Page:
Edited by Christopher Bovis
Chapter 19: Concessions and public procurement
Concessions have been given a lot of attention over the past years as instruments for the implementation of public-private partnerships. The European Parliament, the Council and the European Commission have recently studied concessions in the context of a new specific Directive which envisages the organisation of increased transparency. Taking into consideration the fact that concessions were quasi unregulated, the result would be negative effects for the implementation of the internal market and a negative impact on the achievement of best value for public money. However, the use of concessions or concession contracts is nothing new. A concession was used at the time that the Eiffel Tower was constructed in France. In 1887 a concession agreement was signed between the Minister of Trade and Industry, the city of Paris and Gustave Eiffel, a French engineer. The agreement provided among other things that Mr Eiffel had to finance the largest part of the construction, but would also acquire the right to exploit the tower (including the possibility to establish cafés and restaurants there) during the World Exhibition of 1889 as well as for a period of 20 years following this. In Belgium a large part of the railway network was historically constructed by private concessionaires.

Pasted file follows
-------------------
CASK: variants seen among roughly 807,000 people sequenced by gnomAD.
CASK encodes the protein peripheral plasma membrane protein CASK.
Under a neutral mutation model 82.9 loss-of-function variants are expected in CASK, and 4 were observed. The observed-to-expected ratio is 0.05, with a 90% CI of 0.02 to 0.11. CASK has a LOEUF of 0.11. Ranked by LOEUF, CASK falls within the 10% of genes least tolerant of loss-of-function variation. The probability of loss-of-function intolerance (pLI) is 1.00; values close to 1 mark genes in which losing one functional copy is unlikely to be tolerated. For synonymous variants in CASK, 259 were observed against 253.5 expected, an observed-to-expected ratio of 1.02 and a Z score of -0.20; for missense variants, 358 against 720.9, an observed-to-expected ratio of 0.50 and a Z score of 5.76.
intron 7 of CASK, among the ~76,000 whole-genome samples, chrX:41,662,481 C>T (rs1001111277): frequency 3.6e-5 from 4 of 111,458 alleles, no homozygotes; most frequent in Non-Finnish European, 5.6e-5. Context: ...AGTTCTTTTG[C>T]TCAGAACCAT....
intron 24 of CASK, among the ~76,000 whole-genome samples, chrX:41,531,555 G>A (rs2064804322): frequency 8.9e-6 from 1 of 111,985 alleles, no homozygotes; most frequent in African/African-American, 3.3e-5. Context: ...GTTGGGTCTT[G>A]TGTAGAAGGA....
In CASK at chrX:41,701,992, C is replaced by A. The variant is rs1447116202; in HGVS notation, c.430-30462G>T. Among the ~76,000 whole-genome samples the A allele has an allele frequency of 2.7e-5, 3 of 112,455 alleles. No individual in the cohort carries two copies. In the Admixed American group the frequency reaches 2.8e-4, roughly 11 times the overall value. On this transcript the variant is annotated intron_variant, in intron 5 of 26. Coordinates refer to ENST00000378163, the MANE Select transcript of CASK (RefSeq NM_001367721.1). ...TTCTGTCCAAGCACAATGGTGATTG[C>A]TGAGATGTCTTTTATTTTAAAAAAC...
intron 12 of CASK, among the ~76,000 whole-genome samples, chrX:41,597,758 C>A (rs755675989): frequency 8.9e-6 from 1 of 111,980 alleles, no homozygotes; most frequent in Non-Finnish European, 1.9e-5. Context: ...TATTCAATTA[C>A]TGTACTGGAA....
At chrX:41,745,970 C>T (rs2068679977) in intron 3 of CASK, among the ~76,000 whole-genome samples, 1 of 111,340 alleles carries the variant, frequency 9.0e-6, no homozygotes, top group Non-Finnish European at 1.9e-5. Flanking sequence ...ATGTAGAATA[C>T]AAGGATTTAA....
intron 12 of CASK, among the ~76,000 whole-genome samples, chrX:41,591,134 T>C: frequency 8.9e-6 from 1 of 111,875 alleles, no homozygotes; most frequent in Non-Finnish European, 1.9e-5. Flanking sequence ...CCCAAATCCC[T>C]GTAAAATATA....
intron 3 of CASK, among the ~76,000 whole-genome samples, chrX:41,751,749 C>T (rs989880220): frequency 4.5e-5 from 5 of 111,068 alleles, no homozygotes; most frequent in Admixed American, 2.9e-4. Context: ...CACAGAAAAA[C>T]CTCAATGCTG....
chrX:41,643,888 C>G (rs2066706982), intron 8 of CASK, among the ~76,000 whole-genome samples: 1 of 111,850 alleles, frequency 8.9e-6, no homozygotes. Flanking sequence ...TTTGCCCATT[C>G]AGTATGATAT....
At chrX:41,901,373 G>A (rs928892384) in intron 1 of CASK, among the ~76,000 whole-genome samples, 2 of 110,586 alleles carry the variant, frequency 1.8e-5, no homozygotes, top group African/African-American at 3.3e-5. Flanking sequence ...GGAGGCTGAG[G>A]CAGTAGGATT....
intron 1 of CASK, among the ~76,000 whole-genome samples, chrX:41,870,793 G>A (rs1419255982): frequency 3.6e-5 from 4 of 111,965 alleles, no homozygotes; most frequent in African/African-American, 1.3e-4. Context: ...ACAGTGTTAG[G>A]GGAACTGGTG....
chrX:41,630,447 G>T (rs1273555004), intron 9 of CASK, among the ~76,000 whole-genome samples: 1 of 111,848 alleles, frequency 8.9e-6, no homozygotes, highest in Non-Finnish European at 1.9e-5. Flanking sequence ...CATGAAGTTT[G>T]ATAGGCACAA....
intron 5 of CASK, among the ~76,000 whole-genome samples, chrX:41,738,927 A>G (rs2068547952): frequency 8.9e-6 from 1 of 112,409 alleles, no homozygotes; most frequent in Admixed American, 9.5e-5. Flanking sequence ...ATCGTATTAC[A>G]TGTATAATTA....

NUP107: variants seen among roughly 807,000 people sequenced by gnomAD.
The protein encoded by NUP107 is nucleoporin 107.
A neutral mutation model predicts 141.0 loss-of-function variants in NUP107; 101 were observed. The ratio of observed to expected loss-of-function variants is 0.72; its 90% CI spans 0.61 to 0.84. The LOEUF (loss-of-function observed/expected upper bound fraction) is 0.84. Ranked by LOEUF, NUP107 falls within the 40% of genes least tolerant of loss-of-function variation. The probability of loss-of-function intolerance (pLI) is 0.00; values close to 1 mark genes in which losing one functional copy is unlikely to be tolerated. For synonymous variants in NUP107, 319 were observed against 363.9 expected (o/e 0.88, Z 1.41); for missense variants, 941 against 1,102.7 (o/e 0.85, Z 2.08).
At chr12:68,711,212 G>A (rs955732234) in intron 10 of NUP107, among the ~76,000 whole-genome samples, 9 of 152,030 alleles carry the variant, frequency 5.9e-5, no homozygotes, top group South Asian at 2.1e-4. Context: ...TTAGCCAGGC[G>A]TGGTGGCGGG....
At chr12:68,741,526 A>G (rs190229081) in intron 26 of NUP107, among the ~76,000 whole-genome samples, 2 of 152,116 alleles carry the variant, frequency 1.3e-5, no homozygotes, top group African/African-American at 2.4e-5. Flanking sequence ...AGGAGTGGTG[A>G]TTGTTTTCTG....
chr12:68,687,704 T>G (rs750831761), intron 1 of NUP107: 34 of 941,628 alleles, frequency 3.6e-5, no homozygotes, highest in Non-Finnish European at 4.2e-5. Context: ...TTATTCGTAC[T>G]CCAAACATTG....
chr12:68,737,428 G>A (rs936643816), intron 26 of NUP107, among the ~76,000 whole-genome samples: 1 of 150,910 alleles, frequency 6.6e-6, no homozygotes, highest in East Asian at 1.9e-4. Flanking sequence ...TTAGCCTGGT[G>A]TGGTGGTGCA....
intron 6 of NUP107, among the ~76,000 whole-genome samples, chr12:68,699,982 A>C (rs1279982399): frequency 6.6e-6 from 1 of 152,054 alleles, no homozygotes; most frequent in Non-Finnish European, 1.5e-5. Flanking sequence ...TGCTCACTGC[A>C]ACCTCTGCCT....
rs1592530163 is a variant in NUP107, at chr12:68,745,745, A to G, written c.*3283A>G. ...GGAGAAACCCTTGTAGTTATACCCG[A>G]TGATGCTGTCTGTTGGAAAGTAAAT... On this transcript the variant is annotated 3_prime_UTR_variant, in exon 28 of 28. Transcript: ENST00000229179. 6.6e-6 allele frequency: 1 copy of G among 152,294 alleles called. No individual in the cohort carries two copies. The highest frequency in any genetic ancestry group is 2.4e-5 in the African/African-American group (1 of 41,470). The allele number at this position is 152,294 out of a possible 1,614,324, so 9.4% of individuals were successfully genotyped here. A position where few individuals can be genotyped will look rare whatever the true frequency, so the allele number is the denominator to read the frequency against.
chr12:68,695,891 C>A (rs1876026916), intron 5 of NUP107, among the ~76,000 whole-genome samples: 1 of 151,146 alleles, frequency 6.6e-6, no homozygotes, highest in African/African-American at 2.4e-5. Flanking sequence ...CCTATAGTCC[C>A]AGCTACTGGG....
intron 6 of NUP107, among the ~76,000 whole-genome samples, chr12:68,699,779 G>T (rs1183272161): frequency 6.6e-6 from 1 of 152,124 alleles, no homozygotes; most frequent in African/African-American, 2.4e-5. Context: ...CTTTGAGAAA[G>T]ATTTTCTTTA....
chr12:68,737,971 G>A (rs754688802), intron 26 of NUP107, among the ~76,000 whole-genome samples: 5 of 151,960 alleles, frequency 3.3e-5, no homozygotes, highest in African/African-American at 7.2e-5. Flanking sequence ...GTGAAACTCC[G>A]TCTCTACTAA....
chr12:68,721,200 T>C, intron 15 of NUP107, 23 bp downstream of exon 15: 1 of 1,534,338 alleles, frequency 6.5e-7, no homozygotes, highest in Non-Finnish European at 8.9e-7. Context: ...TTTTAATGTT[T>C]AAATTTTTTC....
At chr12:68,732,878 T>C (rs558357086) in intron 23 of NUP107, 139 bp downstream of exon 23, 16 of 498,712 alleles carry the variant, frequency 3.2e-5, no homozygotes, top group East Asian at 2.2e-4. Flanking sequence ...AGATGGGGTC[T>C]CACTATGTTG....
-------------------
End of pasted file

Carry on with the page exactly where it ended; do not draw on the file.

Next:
You are not authenticated to view the full text of this chapter or article.
Elgaronline requires a subscription or purchase to access the full text of books or journals. Please login through your library system or with your personal username and password on the homepage.
Non-subscribers can freely search the site, view abstracts/ extracts and download selected front matter and introductory chapters for personal use.
Your library may not have purchased all subject areas. If you are authenticated and think you should have access to this title, please contact your librarian.